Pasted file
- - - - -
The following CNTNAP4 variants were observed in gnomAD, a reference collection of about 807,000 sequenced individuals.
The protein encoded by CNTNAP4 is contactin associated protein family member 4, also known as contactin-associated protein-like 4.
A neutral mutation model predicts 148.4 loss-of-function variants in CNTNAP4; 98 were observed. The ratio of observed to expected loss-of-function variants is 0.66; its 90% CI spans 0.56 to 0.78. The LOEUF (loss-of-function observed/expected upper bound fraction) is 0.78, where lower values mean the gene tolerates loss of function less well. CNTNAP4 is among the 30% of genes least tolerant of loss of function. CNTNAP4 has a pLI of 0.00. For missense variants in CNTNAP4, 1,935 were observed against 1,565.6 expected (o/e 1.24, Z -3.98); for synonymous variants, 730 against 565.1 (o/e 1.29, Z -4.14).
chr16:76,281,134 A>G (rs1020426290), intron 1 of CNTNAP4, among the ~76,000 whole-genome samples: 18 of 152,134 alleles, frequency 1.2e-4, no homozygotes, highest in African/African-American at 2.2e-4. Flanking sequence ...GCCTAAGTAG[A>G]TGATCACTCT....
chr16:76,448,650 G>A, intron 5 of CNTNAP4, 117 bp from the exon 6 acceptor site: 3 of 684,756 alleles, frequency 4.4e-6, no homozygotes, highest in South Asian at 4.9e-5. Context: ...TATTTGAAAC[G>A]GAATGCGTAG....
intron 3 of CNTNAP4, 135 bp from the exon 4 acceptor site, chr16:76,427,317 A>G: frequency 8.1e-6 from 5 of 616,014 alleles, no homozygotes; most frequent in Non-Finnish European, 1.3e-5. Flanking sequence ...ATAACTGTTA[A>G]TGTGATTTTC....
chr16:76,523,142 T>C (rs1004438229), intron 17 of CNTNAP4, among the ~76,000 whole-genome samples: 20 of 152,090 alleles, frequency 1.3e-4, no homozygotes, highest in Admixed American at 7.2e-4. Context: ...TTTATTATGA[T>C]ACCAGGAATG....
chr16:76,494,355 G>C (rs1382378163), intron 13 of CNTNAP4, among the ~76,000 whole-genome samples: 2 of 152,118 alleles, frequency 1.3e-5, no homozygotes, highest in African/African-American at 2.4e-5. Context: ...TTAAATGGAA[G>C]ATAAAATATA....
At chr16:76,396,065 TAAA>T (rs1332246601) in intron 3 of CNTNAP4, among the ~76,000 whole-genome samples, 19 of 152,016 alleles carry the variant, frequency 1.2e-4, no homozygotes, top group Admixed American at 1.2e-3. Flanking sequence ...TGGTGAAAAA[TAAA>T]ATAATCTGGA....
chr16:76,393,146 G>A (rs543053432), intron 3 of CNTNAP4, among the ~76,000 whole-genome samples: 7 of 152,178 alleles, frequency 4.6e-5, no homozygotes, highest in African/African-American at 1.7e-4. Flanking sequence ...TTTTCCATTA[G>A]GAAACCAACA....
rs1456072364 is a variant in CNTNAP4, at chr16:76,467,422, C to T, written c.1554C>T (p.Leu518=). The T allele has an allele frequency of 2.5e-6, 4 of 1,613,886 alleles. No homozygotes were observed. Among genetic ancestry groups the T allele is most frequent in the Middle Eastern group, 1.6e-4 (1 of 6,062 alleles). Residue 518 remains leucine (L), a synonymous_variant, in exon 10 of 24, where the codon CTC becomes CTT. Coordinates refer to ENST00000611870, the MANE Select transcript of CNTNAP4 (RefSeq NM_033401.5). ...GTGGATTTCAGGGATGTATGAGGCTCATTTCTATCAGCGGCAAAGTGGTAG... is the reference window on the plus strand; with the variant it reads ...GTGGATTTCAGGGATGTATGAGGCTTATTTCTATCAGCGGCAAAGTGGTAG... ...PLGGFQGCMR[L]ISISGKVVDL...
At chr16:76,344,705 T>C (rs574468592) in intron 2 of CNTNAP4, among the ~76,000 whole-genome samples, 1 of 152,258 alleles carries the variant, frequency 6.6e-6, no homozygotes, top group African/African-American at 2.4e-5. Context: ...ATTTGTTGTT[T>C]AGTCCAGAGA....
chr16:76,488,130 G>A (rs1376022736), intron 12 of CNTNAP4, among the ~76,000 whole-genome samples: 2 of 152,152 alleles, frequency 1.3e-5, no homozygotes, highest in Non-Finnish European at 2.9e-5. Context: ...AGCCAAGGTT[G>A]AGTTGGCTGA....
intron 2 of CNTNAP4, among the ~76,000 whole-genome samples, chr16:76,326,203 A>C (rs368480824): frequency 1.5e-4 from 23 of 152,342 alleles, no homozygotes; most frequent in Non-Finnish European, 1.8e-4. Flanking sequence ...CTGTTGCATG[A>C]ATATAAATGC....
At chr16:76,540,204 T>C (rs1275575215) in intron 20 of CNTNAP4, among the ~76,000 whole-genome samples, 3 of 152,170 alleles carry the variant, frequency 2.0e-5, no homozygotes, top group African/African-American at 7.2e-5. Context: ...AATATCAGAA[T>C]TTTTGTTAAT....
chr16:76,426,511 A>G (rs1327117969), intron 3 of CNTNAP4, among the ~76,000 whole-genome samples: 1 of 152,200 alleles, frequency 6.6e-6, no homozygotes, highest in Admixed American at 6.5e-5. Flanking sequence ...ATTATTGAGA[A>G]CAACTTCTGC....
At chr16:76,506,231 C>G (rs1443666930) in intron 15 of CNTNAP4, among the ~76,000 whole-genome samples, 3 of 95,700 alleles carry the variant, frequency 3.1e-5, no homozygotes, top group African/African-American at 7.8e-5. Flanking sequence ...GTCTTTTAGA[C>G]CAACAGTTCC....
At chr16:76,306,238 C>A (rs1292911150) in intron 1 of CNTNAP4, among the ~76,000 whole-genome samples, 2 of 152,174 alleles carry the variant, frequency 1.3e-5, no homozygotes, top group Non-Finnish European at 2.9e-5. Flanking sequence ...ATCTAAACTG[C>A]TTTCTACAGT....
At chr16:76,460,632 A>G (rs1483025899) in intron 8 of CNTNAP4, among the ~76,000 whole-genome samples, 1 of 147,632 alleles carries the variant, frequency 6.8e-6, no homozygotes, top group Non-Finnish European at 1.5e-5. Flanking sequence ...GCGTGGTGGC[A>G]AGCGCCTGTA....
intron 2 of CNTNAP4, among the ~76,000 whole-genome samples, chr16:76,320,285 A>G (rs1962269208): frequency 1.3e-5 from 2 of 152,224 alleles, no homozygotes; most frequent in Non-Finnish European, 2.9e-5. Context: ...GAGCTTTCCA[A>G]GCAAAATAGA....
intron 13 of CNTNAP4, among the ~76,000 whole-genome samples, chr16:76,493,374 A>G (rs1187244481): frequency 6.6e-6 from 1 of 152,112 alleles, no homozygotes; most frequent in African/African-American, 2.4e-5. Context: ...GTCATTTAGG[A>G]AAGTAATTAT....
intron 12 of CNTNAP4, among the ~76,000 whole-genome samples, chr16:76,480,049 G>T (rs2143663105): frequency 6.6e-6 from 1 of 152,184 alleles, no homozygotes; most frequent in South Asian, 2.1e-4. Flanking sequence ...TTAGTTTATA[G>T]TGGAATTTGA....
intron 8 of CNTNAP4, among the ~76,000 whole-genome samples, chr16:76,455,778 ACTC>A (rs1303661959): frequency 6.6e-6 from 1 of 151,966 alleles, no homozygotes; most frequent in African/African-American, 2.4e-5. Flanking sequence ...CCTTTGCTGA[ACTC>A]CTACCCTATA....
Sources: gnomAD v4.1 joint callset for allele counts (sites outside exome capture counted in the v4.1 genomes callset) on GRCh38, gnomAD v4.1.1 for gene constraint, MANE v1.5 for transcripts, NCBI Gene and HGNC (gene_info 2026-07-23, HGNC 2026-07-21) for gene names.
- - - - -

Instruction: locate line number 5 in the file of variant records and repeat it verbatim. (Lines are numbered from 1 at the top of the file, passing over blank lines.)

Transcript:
chr16:76,448,650 G>A, intron 5 of CNTNAP4, 117 bp from the exon 6 acceptor site: 3 of 684,756 alleles, frequency 4.4e-6, no homozygotes, highest in South Asian at 4.9e-5. Context: ...TATTTGAAAC[G>A]GAATGCGTAG....